The Sunshine State is known for its white sandy beaches, exciting big cities, and fun theme parks. It’s easy to understand why Florida is a place where vacationers flock year-round.
What you may not realize though, is that Florida is home to some amazing islands — 4,500 islands, to be exact! While we’re not going to list all the islands that call Florida home, we’ve gathered a list of the most beautiful islands in Florida that are worth a visit.
Here are 23 islands in Florida that you need to add to your bucket list!
At just 13 miles long, this northeastern Florida island is known for its luxury accommodations, as well as its sandy beaches.
Besides all the things that make cozy islands so heavenly, Amelia Island is also home to the Isle of Eight Flags Shrimp Festival each spring. So if you’re feeling shrimpy, you might want to make your way to Amelia Island.
ANNA MARIA ISLAND
At half the length of Amelia Island, Anna Maria Island is another Floridian barrier island, but it’s just seven miles long.
This beautiful island was the setting for a 1948 film about a stranded pirate titled, On an Island With You, but actual pirate, Jean LaFitte, was shipwrecked near Anna Maria in 1821. Don’t worry, that pirate spirit still lives on during certain events throughout the year, so be on the lookout.
Anna Maria Island is a bird sanctuary because of its place as a migration point, as well as being a nesting habitat for both common and rare birds. Birders love this island because of the wide variety of fine feathered friends they can find here. You might even spot some silly spoonbills — which do look like their name.
Not far from Fort Myers, Pine Island is the largest of the Floridian Gulf Coast islands. That said, it’s still just 17 miles long, so it’s not a huge place either.
Known for being one of the best fishing spots in the state, Pine Island is also (unsurprisingly) a birder’s paradise too. We can’t blame them, there must be a lot of tasty fish! Visit Fort Myers even calls Pine Island one of Southwest Florida’s “last authentic fishing villages.” So while there is plenty else to do besides fishing here, it’s definitely one of the biggest highlights.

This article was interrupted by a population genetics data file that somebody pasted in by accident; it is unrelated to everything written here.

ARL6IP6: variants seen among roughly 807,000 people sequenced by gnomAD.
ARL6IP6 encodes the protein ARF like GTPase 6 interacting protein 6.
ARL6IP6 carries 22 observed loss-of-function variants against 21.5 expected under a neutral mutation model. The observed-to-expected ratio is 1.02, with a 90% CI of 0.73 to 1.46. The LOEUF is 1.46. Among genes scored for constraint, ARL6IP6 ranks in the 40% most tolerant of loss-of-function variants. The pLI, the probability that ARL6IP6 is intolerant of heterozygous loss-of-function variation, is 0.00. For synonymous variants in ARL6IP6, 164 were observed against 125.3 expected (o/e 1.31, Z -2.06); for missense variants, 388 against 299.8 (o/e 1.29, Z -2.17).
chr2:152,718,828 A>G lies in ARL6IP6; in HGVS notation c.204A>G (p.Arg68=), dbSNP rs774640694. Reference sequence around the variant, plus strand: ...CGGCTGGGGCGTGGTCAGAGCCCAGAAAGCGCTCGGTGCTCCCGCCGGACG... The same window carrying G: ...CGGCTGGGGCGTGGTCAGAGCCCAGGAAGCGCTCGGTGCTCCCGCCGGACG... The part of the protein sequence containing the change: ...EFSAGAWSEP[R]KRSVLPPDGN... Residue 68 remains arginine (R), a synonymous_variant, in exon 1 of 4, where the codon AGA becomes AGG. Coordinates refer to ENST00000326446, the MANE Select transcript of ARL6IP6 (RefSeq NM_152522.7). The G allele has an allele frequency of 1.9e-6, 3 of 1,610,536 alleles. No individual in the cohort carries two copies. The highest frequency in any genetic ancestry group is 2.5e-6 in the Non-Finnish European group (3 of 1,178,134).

Enjoy kayaking and canoeing on the waterways, and enjoy a slower pace at Pine Island.
There was a point in time when Crab Island was legitimately an island, but now, because of corrosion, it’s really just a giant sandbar. That hasn’t stopped it from being a huge tourist destination though!
Visitors boat in, anchor down, and party on in the shimmering emerald green water that looks so heavenly. Destin, Florida, where Crab Island is located, notes that alcohol is not sold on the island itself, so you have to bring your own.
Rent a boat, spend the day at Crab Island making new friends, and enjoy the beautiful views. You won’t regret it!
ST GEORGE ISLAND
Found off of the Panhandle, St. George Island is one of the last “unspoiled” barrier islands in Florida. This 28-mile-long destination is often voted as one of the best beaches in the country. No high rises or chain stores are allowed here, allowing the island to remain a cozy community. You can still stay here at one of the two accommodations, or rent one of the privately owned homes on the island.
One popular spot here is the Dr. Julian G. Bruce St. George Island State Park. Open every day from 8 a.m. until sunset, this park faces Apalachicola Bay. Visitors love to camp, watch wildlife, swim, canoe or do lots of different activities here. There are even dolphin pods around, so you might see them in the water when you visit!
TEN THOUSAND ISLANDS
Not technically an island, though the Ten Thousand Islands National Wildlife Refuge deserves a spot on our list. Why? Because like many of the actual Floridian islands, Ten Thousand Islands preserves the delicate ecosystem of the state’s unique environment.
Loggerhead sea turtles nest at the refuge’s beaches, mangrove-dwelling birds make their homes here, and even manatees hang out here for shelter from the cold wintery waters, according to the Fish and Wildlife Service.
Ten Thousand Islands is part of the biggest expanse of mangrove forest on the continent, with ⅔ of the refuge itself being that forest. The biodiversity at this refuge is incredible. There are more than 200 bird species, 200 fish species, and many other flora and fauna that rely on the refuge to live.